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August 22

Giving without Judgment

I’ve watched many people in my life, and have found that they often seem to find it easier to do something nice for a stranger than for those closest to them. Of course, this isn’t the case for everyone, but I’ve often noticed that people, myself included, help a fallen stranger with ease while pausing to do the exact same thing for someone they know. Isn’t that the strangest thing? So, as I pondered on this thought over the last couple of days, I couldn’t help but try to rationalize out why that is.

Let’s take an act of kindness, such as giving money to someone. Giving to a stranger or an acquaintance can perhaps be easier, as it’s something that can be done without any strings attached. Not having much contact with that person may make it easier to give to them unreservedly. 

On the other hand, when we give to someone we know well as an act of kindness, perhaps it adds more of a stigma. If we see them regularly, they could feel obligated to return the favor quickly and calculate a balance between us, despite our assuring them that isn’t the reason for giving. Perhaps, subconsciously, we are worried that it will affect our relationship with them going forward. Will they come to expect favors from us, creating the idea that we will always be there to bail them out?

Immediately, whether we mean to or not, we can attach emotions and social stereotypes to an act of giving whether or not we believe they may come true. This, in turn, may make it easier to extend yourself to someone you’re unsure you will ever see again.

But it’s a wonderful thing to help people! I consider it crucial to break free of social constructs and judgments when considering doing something nice for someone. For me, I am trying hard to break away from restrictive social norms and instead freely give and help where I can. I find the more I can come from a place of gratitude and offering, the better things may be for everyone. It’s a win-win. And I’ve found the first step to help me in this type of situation is to cancel all the learned behaviors of what “could be” and just focus on the factors and how I feel. I love this person. I want to help them. I want them to succeed.

Let’s take an act of kindness, such as giving money to someone. Giving to a stranger or an acquaintance can perhaps be easier, as it’s something that can be done without any strings attached. Not having much contact with that person may make it easier to give to them unreservedly.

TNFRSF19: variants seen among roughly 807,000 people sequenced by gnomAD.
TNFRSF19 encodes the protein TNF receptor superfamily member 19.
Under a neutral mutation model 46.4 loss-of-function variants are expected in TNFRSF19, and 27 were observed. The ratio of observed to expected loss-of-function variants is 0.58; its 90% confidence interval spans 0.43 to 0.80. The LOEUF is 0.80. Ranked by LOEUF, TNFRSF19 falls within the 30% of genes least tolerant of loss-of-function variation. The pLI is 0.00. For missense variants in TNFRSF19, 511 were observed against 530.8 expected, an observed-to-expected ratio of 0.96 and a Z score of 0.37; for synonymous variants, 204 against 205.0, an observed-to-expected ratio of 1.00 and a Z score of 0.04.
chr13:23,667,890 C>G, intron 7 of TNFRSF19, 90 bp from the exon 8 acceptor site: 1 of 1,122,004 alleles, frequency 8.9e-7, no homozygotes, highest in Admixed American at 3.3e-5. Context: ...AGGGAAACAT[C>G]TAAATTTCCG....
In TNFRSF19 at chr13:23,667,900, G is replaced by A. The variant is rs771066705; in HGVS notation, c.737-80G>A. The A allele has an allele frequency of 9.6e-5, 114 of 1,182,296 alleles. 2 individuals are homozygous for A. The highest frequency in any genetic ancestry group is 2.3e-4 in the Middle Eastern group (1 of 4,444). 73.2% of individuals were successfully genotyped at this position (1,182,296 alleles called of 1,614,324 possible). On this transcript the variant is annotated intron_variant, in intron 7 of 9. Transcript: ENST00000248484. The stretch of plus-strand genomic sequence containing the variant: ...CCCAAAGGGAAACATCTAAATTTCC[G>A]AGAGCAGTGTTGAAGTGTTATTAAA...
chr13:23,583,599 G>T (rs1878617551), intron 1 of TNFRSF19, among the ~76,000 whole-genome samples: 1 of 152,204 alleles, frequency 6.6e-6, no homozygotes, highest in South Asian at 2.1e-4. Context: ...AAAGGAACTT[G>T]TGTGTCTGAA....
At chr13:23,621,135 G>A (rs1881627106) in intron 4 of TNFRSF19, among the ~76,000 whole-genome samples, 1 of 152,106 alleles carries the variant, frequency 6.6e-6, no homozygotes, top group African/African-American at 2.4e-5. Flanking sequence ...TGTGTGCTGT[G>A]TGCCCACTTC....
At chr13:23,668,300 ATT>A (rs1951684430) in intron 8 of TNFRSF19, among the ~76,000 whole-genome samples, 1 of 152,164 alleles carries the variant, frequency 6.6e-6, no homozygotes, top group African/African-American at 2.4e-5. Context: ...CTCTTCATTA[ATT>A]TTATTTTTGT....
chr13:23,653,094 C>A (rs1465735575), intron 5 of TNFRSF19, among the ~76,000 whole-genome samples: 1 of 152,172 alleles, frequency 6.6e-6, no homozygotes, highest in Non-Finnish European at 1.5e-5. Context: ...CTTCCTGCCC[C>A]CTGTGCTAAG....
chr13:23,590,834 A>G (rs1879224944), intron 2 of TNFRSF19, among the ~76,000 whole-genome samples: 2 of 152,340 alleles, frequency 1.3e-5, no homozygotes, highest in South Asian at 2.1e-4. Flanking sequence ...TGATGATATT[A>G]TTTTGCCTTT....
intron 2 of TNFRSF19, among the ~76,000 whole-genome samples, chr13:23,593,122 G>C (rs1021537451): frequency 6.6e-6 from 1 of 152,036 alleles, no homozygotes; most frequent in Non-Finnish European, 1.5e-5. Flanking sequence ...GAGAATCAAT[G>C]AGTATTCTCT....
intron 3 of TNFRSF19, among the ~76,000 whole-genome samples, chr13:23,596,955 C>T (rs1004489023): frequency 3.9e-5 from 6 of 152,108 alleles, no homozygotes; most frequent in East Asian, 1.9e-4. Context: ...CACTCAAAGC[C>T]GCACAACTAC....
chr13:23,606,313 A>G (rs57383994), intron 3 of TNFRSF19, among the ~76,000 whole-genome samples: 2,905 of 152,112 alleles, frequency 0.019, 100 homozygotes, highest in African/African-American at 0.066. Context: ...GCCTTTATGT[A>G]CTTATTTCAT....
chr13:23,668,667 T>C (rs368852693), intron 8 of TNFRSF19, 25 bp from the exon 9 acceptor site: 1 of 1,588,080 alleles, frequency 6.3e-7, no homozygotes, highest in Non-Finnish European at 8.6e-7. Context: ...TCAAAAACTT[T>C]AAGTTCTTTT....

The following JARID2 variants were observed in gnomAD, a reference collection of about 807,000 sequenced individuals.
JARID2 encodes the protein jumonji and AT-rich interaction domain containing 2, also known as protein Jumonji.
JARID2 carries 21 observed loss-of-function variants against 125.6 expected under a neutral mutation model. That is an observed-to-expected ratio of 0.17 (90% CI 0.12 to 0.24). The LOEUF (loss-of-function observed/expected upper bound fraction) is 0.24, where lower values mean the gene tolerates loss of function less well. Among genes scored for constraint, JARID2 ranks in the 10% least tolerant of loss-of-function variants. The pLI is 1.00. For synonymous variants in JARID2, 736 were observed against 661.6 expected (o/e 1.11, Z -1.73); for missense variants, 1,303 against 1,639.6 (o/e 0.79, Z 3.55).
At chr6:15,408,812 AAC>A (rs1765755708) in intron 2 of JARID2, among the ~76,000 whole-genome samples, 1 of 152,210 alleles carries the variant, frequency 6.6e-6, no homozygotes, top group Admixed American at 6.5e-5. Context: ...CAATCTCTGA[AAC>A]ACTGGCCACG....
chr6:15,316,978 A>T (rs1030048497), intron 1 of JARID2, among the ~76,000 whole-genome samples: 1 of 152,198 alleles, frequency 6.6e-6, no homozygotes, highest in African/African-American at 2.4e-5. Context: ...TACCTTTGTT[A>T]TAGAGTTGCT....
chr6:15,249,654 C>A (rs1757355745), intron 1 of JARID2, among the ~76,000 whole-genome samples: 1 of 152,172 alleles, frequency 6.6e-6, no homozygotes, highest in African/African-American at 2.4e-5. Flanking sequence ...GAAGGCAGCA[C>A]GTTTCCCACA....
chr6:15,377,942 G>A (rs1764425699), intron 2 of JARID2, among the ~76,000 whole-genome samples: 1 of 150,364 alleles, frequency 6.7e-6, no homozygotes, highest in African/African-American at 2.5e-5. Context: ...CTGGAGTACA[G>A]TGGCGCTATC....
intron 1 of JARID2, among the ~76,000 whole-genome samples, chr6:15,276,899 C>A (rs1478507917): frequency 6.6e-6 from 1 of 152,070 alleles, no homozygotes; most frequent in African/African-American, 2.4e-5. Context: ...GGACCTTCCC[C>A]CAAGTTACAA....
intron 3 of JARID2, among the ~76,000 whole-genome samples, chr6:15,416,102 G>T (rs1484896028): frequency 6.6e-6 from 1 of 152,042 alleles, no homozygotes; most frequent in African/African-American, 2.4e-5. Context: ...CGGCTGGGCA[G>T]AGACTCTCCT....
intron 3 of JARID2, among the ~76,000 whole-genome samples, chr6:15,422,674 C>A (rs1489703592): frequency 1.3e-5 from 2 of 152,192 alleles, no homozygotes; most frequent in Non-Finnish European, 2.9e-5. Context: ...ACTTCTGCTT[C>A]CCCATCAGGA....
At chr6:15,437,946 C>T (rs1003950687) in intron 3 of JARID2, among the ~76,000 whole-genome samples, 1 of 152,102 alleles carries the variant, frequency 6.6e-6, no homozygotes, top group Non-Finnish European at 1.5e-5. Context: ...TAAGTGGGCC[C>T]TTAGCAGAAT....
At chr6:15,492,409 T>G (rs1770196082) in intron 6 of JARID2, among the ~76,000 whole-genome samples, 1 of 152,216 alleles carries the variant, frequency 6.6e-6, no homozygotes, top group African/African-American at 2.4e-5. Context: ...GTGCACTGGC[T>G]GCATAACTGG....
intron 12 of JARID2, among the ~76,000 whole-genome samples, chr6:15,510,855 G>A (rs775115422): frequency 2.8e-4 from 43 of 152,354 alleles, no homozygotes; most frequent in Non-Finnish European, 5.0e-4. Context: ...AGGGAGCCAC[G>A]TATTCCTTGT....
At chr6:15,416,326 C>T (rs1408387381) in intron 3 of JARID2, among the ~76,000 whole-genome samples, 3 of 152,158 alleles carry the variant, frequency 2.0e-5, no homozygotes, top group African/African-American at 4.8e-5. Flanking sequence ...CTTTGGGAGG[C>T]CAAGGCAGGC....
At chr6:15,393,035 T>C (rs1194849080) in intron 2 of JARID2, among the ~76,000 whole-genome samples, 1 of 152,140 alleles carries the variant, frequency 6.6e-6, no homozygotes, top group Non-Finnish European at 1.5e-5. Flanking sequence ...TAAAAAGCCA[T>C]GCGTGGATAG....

You can never truly predict or force someone to react a certain way, but you can gently guide their response by reassuring them there are no strings attached to your act of kindness. When I find myself looking to do something nice for someone close to me now, I will meditate on the situation as it comes up, bring forth the gratitude I have that I am in a place to help someone, and live in that for a moment. Next, I will see the best possible outcome for the situation. I’ll see the person I’m helping happily succeeding, and I’ll see myself happy for them. Just by projecting that positive intention out there and coming from that place of giving without judgment, we can set the stage for an act of kindness clearly placed without any strings attached.

It’s amazing what we can accomplish and the joy we can bring forth if we learn to strip away expectations and societal judgments and just live in gratitude. It really can make a world of difference. So, I challenge you to give without reservation when you find yourself in a place to do so. Whether it involves a stranger or a close friend or family member, spreading kindness and doing so unapologetically can be a powerful tool to help make the world a bit of a better place, one small step at a time.

 

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Malorie Mackey

Actress, author and adventurer

Malorie Mackey is an actress, host, and writer living in Los Angeles, CA. Malorie's first book was published in 2017 and her short story "What Love Has Taught Me" has been published in the anthology "Choices.” You can find Malorie’s travel content on dozens of digital media platforms. Check out www.maloriesadventures.com for more. Malorie's adventures don't just encompass physical adventures. She has been a student of intuition since she was a teenager, studying at Edgar Cayce’s A.R.E. In 2019, Malorie discovered the Monroe Institute while filming her travel show. Since then, she has been studying the art and science of consciousness through many different programs and life experiences.
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